By: Venkat Ramaswamy and Francis Gouillart. New York: Free Press, 2010. 276 + ix pages. Review by: Teresa Jurgens-Kowal
If you like learning case studies, then you will love this book! The Power of Co-Creation offers real-life stories across a breadth of industries where firms have demonstrated success by opening up product and service delivery to new players.
Defined as “the practice of development systems, products, or services through collaboration with customers, managers, employees, and other company stakeholders” (p. 4), the authors present a theme of ideas to encourage customer-centric value creation. As product development practitioners are generally aware, engaging customers leads to many innovation benefits, such as learning and the ability to generate new ideas rapidly. Co-creation can be applied to nearly any innovation or business growth effort.
In the introductory chapter, Ramaswamy and Gouillart present a compelling example of Nike expanding their footprint to the running community through a multitude of customer interface platforms. These platforms included Web-based tools for runners to log favorite music playlists and routes that can be downloaded to the users' GPS. Chapters Two through Six continue the stories of firms who demonstrated successful new platforms to add value.
The platforms of co-creation tend to be highly linked with the explosion of technology and anytime/anywhere connectivity. For example, three of the four core principles of co-creation (p. 36) involve higher connection with customers and other stakeholders: engagement platforms, network relationships, and context of interactions. Many products and services even deploy significant technology via the fourth co-principle of experience mindset. Many of the case studies in the text show that Web-based platforms tactically facilitate these core principles.
In Chapter Three, the authors make a case that innovation within a co-creative environment must engage employee experiences as much as tapping on networks of customers and situations outside of the firm. Chapter Four, “Engaging People Among Business Networks,” describes the two key elements for co-creation as learning and choice.
Part Two of The Power of Co-Creation, called the Management of Co-Creation, presents even more detailed case studies in Chapter Seven through Eleven. In particular, Chapter Nine, “Going Beyond Processes to Co-Creative Engagement” makes a striking analogy between innovation and an everyday activity. Companies that fail to engage and interact with stakeholders are like a person dancing with a rag doll, while firms that carefully engage with and involve customer employees in new product and service delivery are like a tango—two fabulous dancers incorporating the dance floor, the music, and the shared moves to create something more wonderful.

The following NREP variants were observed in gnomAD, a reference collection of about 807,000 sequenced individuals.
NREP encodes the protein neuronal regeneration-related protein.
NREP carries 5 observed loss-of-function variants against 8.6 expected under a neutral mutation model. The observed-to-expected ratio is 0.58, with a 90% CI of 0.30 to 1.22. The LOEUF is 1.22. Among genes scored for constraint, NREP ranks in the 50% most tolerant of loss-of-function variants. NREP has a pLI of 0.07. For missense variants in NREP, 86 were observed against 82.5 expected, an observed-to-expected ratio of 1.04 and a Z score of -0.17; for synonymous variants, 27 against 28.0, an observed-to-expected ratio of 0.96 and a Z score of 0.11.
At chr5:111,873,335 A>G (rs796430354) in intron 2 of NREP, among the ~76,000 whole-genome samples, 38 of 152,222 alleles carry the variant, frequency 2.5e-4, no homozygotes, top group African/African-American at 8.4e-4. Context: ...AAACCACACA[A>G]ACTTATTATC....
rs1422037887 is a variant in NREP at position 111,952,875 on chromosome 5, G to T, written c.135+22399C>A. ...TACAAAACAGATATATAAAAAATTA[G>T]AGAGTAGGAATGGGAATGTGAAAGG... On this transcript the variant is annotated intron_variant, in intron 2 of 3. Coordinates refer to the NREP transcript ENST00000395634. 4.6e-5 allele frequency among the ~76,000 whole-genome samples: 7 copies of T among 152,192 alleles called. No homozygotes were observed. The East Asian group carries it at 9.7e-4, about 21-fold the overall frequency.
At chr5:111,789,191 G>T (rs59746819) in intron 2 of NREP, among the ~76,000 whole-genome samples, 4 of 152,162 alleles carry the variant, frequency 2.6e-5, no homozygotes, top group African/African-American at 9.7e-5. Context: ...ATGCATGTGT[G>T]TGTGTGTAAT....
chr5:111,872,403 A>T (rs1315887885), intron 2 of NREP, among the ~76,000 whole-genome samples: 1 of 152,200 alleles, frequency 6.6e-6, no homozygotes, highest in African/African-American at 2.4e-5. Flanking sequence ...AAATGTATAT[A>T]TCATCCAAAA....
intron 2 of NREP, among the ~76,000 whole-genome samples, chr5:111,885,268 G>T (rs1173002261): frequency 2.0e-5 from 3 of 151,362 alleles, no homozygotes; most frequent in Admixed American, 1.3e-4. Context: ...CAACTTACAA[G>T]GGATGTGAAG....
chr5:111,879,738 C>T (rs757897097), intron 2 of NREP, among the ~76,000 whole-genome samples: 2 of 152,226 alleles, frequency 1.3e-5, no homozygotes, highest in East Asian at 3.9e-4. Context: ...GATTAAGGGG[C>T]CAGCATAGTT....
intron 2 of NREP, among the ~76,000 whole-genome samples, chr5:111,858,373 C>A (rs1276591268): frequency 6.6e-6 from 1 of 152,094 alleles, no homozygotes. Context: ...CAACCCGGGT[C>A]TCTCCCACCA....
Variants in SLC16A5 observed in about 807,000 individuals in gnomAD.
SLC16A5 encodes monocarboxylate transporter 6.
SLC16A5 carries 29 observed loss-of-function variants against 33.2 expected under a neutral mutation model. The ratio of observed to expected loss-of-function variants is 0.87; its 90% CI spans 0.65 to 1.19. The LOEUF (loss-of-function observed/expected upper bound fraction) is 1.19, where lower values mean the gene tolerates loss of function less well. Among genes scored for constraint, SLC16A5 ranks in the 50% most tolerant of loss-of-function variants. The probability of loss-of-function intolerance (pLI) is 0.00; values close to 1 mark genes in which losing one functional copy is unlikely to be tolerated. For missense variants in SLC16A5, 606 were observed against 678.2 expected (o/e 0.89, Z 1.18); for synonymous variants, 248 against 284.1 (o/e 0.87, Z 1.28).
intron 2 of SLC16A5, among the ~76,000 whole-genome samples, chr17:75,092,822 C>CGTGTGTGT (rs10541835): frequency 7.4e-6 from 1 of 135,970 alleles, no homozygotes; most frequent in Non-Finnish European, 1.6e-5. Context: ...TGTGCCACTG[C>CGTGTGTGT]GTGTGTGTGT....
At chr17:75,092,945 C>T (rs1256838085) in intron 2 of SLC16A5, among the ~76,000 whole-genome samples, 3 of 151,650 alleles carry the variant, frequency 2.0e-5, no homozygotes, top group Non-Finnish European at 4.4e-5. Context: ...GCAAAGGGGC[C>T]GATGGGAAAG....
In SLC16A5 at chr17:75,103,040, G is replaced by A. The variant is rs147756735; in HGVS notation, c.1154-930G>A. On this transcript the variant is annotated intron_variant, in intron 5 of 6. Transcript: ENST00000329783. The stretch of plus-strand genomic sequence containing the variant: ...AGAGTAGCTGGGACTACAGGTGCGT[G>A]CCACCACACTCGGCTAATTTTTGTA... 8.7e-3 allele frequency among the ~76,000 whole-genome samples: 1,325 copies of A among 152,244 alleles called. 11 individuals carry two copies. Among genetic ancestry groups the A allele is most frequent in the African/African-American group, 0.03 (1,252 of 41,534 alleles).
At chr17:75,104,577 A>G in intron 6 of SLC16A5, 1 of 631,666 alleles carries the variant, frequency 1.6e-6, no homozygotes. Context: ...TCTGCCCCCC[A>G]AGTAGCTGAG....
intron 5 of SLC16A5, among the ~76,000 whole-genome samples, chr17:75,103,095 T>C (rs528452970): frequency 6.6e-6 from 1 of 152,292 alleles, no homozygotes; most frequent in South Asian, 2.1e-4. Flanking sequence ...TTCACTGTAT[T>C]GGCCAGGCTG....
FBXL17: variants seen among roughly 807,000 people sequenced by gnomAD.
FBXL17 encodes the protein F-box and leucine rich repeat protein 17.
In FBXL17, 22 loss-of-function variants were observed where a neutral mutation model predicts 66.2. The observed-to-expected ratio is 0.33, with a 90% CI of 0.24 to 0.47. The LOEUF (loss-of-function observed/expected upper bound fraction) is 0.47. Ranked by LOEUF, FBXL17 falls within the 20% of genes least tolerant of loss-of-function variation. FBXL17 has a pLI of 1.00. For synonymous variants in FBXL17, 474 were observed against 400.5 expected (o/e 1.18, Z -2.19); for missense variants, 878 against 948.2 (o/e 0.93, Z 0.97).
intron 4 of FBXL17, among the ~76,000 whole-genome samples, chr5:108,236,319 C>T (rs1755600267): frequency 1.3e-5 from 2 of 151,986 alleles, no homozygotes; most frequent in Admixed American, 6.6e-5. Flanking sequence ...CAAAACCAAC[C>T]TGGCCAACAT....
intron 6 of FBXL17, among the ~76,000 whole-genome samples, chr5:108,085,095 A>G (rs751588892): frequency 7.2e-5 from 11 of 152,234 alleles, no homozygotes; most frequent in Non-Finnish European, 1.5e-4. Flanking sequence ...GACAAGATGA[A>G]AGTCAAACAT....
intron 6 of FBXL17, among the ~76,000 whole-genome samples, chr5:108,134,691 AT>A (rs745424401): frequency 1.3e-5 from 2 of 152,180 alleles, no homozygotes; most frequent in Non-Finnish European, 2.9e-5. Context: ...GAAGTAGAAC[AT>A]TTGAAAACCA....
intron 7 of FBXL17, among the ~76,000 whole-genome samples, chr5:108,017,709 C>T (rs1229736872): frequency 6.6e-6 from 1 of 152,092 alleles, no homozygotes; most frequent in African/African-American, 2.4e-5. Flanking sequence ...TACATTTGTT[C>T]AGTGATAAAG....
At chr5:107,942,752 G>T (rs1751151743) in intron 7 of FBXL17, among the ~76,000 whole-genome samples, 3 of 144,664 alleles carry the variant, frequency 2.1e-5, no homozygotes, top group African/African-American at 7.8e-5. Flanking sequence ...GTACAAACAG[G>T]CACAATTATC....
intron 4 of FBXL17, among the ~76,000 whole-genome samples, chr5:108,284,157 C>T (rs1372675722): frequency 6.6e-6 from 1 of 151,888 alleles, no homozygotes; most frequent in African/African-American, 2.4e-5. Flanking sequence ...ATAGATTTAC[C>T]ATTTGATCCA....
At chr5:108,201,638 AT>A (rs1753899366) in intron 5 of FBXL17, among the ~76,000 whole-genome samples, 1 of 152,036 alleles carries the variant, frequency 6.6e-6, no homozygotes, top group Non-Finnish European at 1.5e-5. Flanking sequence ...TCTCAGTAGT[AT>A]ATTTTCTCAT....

A question that many business leaders have—”if we open up, how can we protect ourselves from competitors?”—is addressed through yet another case study in Chapter Ten, “Opening Up Strategy.” The authors offer the conclusion that co-creation is a competitive advantage in and of itself.
Finally, after an exploration of case studies in the banking industry and governmental institutions, the epilogue presents a 25-point co-creation manifesto. This co-creation manifesto summarizes the learnings from the multitude of case studies investigated in the earlier chapters.
While The Power of Co-Creation will leave the reader feeling inspired about the general philosophy of stakeholder engagement and the successes documented in the many case studies, those that seek “how-to” cocreate will also be looking for a sequel with additional guidance, offering tips and tricks beyond Web-based community interaction for product and service differentiation. After all, “co-creation relies on learning from actual people” (p. 199).
Released: October 4, 2013, 11:44 am
| Updated: November 20, 2013, 10:42 am